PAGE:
Shelly, the current blood tests are not sensitive to all the variations of the Lyme bacteria. The Minnesota Lyme Association recommends seeking a doctor who will diagnose based on exposure to tick habitat and symptoms. If you find a tick attached, our medical advisor recommends getting a course of antibiotics. Visit for more details.

  7. Liz says:

    Last Sunday I went hiking in at Afton State Park on the St. Croix River. A couple days later I noticed I had a build up of crust neat the opening of the ear canal. I put a littlt bit of cotton and it showed a little blood . Could this be a result of a tick bite?

  8. Tick Twister Pro says:

    Remove a tick in less than 1 (one) minute.
    It’s now June of 2011 and it seems the ticks are plentiful this year in Ulster County New York. Whether it is because of the bountiful snowfall we had, providing plenty of moisture as it slowly melted, or the spring rains that are shortening our weeks to 4 days instead of 7, the tick population must be exploding. We have heard more reports of ticks on people and animals this year than we have in past years for an entire season.
    Did you know that ticks do not really have “a season”? Ticks can be active at temperatures above 40 degrees Fahrenheit even if it is in the middle of December.
    Do you have your “Tick Twister Pro”?
    Although the name can throw you off a bit the “Tick Twister Pro” does not twist anything. And it most certainly DOES NOT squeeze like tweezers. When used in the correct way the “Tick Twister Pro”, distributed by Twist It Out of Port Ewen, NY, SPINs the entire tick. This spinning action stops the ticks anchoring mechanism, reverse barbs like that on a fish hook, from being able to hold the tick in place any longer. We have been using the Tick Twister and now the Tick Twister Pro since 2006 and have not had a “head” left in the skin, not even once. The ticks are also quite alive when removed making it very easy to have on hand when you decide if it needs to be tested for any diseases. SOME veterinarians will send ticks for testing at no cost to you. DO NOT put the tick between 2 pieces of scotch tape; instead put it in an empty pill bottle or the like. Anything you are not going to want to keep or reuse at some other time.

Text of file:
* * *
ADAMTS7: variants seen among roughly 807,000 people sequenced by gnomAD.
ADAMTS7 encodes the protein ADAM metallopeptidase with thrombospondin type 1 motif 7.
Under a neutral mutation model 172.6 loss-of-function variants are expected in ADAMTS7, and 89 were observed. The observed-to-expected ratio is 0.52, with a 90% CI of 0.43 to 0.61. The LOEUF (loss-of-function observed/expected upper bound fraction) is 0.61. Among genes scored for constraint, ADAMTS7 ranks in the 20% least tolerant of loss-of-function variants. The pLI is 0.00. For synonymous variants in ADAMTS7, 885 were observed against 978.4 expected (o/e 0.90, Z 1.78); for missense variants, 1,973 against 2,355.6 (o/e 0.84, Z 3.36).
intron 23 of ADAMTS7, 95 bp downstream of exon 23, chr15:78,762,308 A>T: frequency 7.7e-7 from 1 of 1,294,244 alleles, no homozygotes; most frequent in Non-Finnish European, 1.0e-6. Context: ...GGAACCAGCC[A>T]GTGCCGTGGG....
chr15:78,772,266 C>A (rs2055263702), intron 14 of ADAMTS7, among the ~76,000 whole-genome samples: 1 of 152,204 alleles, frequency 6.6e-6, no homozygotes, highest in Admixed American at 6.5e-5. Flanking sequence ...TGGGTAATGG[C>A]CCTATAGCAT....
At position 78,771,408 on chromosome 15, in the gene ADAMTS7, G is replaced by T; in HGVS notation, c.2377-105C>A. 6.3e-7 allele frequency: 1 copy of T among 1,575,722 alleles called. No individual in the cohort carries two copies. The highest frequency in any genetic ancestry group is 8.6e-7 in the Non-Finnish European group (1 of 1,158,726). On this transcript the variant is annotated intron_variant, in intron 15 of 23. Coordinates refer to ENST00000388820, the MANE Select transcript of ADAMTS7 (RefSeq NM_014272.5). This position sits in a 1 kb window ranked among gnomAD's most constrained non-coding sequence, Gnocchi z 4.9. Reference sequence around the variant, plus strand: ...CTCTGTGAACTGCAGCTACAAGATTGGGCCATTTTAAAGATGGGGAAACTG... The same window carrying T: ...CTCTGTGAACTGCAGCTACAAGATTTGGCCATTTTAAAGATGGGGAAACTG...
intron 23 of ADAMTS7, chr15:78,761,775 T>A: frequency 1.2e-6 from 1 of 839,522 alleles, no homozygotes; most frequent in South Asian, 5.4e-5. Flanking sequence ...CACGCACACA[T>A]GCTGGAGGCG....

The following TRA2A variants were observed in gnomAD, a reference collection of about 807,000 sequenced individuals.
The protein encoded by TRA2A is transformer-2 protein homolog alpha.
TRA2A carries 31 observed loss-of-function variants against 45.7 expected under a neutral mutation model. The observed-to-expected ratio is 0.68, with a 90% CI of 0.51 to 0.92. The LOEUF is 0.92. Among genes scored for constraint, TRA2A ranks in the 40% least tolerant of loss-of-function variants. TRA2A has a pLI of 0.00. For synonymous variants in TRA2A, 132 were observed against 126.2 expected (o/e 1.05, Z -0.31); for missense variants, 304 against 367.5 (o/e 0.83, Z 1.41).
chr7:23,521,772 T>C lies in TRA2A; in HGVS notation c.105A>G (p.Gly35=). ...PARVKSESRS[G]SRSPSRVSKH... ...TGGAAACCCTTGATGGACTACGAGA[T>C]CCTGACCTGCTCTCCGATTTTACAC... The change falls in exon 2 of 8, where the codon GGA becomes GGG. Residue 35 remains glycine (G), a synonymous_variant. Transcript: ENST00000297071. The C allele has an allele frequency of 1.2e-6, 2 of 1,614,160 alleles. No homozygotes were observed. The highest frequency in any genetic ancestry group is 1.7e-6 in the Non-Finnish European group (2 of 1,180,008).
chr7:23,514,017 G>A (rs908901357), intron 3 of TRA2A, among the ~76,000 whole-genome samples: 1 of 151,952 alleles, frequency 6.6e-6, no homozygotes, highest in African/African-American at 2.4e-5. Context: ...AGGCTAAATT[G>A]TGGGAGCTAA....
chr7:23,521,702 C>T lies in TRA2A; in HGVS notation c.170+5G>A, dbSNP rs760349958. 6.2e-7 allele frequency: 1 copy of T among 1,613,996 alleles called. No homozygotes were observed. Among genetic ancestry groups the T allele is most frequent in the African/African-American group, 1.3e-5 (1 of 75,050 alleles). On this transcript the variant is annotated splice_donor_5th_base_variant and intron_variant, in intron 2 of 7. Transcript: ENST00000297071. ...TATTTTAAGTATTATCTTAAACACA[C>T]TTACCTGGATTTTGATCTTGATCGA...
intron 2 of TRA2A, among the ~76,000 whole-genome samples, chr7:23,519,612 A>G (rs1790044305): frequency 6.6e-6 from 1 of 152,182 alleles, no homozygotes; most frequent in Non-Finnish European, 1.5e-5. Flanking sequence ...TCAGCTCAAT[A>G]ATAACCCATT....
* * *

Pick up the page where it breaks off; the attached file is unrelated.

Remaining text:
In 2007 we went to Maryland and Assateague Island. We ended up with ticks all over our socks, sneakers, pants, legs and arms. Upon returning home we had our vet test one of the ticks, which we had kept in a tightly sealed, empty aspirin bottle. The lab called his office to find out why he, our vet, was sending a Lone Star tick to them from New York State. Travel trailers and camping equipment are great ways for ticks to move about and there were a lot of people camping, with and without pets, in Maryland when we went.
    Obviously we, at Twist It Out, do NOT recommend using tweezers to remove a tick.
    Why? Squeezing can cause the tick to move fluids from itself and into you (or your pet). This “regurgitation” is the substance which may contain the infectious diseases.
    We do not care how good a pair of tweezers claims to be or how fine the points are (finer is going to be weaker) TWEEZERS SQUEEZE. It isn’t any ones fault; it is just the nature of the way the tool was designed. So, please, don’t use tweezers that squeeze the tick when you are trying to get one off yourselves or your animals.
    ANY swelling and redness, the dreaded “bulls eye” rash or flu like symptoms would warrant a visit to your own doctor.
    Be well and be safe everyone.
    Keep your animal loved ones safe too.